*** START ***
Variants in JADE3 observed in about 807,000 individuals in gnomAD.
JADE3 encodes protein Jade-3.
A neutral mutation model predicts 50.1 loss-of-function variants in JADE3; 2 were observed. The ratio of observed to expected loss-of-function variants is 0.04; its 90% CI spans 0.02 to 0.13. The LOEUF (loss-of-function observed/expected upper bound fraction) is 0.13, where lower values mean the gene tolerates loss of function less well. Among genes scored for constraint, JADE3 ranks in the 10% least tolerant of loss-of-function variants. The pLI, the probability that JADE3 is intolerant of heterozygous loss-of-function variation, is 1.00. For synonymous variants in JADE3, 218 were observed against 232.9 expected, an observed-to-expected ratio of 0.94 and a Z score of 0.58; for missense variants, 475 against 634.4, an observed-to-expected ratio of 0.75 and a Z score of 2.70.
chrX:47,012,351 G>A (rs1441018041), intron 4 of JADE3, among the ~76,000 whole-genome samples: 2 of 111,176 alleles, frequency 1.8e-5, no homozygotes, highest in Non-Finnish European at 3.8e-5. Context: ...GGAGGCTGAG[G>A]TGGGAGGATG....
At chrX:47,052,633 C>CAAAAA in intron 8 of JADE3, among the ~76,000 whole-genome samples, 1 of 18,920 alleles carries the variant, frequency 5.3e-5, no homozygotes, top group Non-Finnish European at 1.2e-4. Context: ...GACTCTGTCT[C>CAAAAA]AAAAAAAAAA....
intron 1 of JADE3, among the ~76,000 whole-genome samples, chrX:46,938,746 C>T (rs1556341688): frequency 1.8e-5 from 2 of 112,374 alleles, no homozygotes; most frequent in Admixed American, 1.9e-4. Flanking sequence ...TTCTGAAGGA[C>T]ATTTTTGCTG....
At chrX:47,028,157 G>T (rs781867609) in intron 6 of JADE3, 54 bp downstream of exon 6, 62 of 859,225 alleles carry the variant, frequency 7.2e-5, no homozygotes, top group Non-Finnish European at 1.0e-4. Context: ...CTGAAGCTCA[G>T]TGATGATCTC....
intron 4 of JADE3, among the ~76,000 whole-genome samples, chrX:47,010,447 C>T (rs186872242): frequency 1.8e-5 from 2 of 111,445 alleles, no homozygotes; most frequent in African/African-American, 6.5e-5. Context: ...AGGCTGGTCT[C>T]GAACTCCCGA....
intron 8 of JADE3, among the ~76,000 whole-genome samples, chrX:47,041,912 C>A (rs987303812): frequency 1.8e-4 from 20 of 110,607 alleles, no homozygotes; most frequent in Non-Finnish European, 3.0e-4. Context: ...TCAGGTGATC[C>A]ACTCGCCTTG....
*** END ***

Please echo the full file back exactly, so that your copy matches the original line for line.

Variants in JADE3 observed in about 807,000 individuals in gnomAD.
JADE3 encodes protein Jade-3.
A neutral mutation model predicts 50.1 loss-of-function variants in JADE3; 2 were observed. The ratio of observed to expected loss-of-function variants is 0.04; its 90% CI spans 0.02 to 0.13. The LOEUF (loss-of-function observed/expected upper bound fraction) is 0.13, where lower values mean the gene tolerates loss of function less well. Among genes scored for constraint, JADE3 ranks in the 10% least tolerant of loss-of-function variants. The pLI, the probability that JADE3 is intolerant of heterozygous loss-of-function variation, is 1.00. For synonymous variants in JADE3, 218 were observed against 232.9 expected, an observed-to-expected ratio of 0.94 and a Z score of 0.58; for missense variants, 475 against 634.4, an observed-to-expected ratio of 0.75 and a Z score of 2.70.
chrX:47,012,351 G>A (rs1441018041), intron 4 of JADE3, among the ~76,000 whole-genome samples: 2 of 111,176 alleles, frequency 1.8e-5, no homozygotes, highest in Non-Finnish European at 3.8e-5. Context: ...GGAGGCTGAG[G>A]TGGGAGGATG....
At chrX:47,052,633 C>CAAAAA in intron 8 of JADE3, among the ~76,000 whole-genome samples, 1 of 18,920 alleles carries the variant, frequency 5.3e-5, no homozygotes, top group Non-Finnish European at 1.2e-4. Context: ...GACTCTGTCT[C>CAAAAA]AAAAAAAAAA....
intron 1 of JADE3, among the ~76,000 whole-genome samples, chrX:46,938,746 C>T (rs1556341688): frequency 1.8e-5 from 2 of 112,374 alleles, no homozygotes; most frequent in Admixed American, 1.9e-4. Flanking sequence ...TTCTGAAGGA[C>T]ATTTTTGCTG....
At chrX:47,028,157 G>T (rs781867609) in intron 6 of JADE3, 54 bp downstream of exon 6, 62 of 859,225 alleles carry the variant, frequency 7.2e-5, no homozygotes, top group Non-Finnish European at 1.0e-4. Context: ...CTGAAGCTCA[G>T]TGATGATCTC....
intron 4 of JADE3, among the ~76,000 whole-genome samples, chrX:47,010,447 C>T (rs186872242): frequency 1.8e-5 from 2 of 111,445 alleles, no homozygotes; most frequent in African/African-American, 6.5e-5. Context: ...AGGCTGGTCT[C>T]GAACTCCCGA....
intron 8 of JADE3, among the ~76,000 whole-genome samples, chrX:47,041,912 C>A (rs987303812): frequency 1.8e-4 from 20 of 110,607 alleles, no homozygotes; most frequent in Non-Finnish European, 3.0e-4. Context: ...TCAGGTGATC[C>A]ACTCGCCTTG....